Cycling Injury Prevention
Jun 02, 2021
The temperatures are getting warmer, the sun is shining brighter and the temptation to get outside is growing! Its time to dust off the bike, pump up the tires and get out to enjoy some fun on two wheels. With bicycles flying out of bike shop doors at record speeds cycling is gaining popularity for summer 2021. As an avid cyclist myself, I too know the thrill of hopping on a bike and enjoying the open roads, trails or paths around the city!
Cycling is a great way to achieve the Canadian Physical Activity Guideline recommendations of 150 min per week of moderate to vigorous cardiovascular physical activity. With all the apps and technology available to track fitness these days it is easy to track your activities to try and meet this mark. Additionally, with riding a bike you can enjoy reaching and even surpassing this benchmark with the added benefit of enjoying sunshine and increasing your levels of Vitamin D (the sunshine vitamin). Meeting this 150min/week guideline can help reduce your risk of many things including coronary heart disease, type 2 diabetes, stroke, many types of cancer (including colon and breast), hypertension and can go a long way in improving mental health and physical well-being.
Since cycling is a very repetitive leg dominant activity, there are a few preventative measures you can take to help you maximize your time one the bike this summer.
- Stretching – Stretching before getting on the bike has been proven to help increase power while on the bike! This means that by stretching before you head out for a ride your muscles will be primed and ready to work. Stretches can be added to a warm up routine before riding to ensure your leg muscles are ready to work. A warm up could include a combination of lunges, squats and stretches. Some areas that are most important to stretch include hip flexors, glutes, quadriceps, hamstrings and calves. You should try and stretch more than just once a day. If you are able to, try and incorporate stretches every hour with each stretch being held for only 20-30 seconds. This will go a long way in keeping your muscles from tightening up due to cycling and help prevent injuries that can result from overactive muscles.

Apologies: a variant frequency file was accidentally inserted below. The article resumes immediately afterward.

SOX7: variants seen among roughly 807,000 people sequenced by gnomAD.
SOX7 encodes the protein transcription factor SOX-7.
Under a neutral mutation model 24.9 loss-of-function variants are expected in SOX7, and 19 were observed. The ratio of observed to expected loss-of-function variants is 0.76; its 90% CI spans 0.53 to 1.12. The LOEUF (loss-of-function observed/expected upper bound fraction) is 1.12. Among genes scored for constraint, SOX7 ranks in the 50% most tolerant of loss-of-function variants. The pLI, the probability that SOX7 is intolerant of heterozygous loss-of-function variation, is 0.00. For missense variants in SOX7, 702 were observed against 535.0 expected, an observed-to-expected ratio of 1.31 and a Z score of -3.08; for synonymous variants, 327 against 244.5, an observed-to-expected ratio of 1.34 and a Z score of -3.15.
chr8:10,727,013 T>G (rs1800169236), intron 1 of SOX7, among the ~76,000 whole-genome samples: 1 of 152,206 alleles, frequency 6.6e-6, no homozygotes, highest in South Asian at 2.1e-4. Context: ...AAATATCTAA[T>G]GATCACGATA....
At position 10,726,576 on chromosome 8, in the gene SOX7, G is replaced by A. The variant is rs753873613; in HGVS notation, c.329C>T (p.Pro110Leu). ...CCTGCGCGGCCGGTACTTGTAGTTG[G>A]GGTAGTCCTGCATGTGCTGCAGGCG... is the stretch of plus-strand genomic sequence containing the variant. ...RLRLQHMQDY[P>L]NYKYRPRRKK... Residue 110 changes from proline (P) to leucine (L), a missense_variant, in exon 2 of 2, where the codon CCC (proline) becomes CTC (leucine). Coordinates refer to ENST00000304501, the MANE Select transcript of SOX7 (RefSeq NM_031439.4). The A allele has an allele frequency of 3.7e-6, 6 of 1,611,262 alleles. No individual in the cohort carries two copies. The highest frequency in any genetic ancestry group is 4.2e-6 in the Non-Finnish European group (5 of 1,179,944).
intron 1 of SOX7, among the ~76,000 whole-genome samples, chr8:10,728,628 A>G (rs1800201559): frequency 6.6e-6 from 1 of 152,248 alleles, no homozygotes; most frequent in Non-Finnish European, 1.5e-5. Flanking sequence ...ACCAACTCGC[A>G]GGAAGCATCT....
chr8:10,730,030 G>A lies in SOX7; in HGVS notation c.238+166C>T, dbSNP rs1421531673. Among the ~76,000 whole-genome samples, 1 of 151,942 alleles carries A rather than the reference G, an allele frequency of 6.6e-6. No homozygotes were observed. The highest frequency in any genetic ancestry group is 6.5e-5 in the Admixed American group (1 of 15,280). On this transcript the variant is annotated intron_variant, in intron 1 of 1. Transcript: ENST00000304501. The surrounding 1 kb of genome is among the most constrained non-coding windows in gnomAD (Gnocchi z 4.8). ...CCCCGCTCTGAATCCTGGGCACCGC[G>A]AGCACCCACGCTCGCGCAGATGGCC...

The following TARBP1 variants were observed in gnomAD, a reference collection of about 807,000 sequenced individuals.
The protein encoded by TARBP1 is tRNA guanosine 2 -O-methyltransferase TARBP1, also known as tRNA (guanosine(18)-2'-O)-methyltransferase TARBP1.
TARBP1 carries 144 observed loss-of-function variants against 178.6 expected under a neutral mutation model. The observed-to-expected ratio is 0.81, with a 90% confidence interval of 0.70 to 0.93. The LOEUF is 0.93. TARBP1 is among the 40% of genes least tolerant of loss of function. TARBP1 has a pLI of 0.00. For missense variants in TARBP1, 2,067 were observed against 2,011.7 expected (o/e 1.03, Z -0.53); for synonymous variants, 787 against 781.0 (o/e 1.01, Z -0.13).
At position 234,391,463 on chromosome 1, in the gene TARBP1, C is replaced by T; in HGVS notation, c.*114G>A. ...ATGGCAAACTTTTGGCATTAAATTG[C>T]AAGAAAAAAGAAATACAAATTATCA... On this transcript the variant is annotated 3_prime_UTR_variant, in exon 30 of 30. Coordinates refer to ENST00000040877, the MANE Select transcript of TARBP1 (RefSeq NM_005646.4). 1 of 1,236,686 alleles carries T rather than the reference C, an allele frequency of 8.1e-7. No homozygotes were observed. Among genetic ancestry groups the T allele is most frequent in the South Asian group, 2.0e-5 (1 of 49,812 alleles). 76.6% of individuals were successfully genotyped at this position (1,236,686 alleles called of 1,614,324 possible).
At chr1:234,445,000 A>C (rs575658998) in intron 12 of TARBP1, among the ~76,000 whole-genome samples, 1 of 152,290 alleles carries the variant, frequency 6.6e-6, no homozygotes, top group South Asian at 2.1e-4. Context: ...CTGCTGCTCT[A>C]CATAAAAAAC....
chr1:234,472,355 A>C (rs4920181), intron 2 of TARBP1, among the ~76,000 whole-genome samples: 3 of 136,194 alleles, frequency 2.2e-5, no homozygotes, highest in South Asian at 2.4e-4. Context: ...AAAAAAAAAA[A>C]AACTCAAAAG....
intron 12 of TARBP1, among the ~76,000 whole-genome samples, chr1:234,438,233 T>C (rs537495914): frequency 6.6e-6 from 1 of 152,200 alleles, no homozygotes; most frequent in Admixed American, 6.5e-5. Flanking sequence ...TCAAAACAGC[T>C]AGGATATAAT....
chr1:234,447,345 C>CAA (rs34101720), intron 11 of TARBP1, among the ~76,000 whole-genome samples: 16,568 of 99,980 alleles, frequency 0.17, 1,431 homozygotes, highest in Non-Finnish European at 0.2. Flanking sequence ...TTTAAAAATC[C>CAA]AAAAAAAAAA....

- Strengthening – By adding a strengthening program into your routine you can increase the efficiency of the muscles that are utilized most while cycling. This will help build stronger muscles in these key areas and allow you to work harder without fatiguing as quickly. Developing stronger musculature will decrease the chance of developing an injury from overusing your lower extremity muscles. Along with stretching in the areas mentioned above include exercises for your core, hip flexors, glutes, quadriceps, hamstrings and calves. Some excellent exercises to target these areas include squats, lunges, heel raises, planks/side planks, and leg raises.
- Talk to a physiotherapist. If you have any questions about how to start a prehab program or are just looking for tips to tweak your current program, talk to a physiotherapist. That’s what we are here for! Its our goal to help you stay injury free this summer and out enjoying time on your bike.
To book in for an appointment, call 780-458-8505 or visit linktr.ee/activephysioworks for online booking.
O Connor, D. M., Crow, M. J., & Spinks, W. L. (2006). Effects of static stretching on leg power during cycling. Journal of sports medicine and physical fitness, 46(1), 52.
Tremblay, M. S., Warburton, D. E., Janssen, I., Paterson, D. H., Latimer, A. E., Rhodes, R. E., ... & Duggan, M. (2011). New Canadian physical activity guidelines. Applied physiology, nutrition, and metabolism, 36(1), 36-46.
Please add your bio info through your member profile page, or through your dashboard.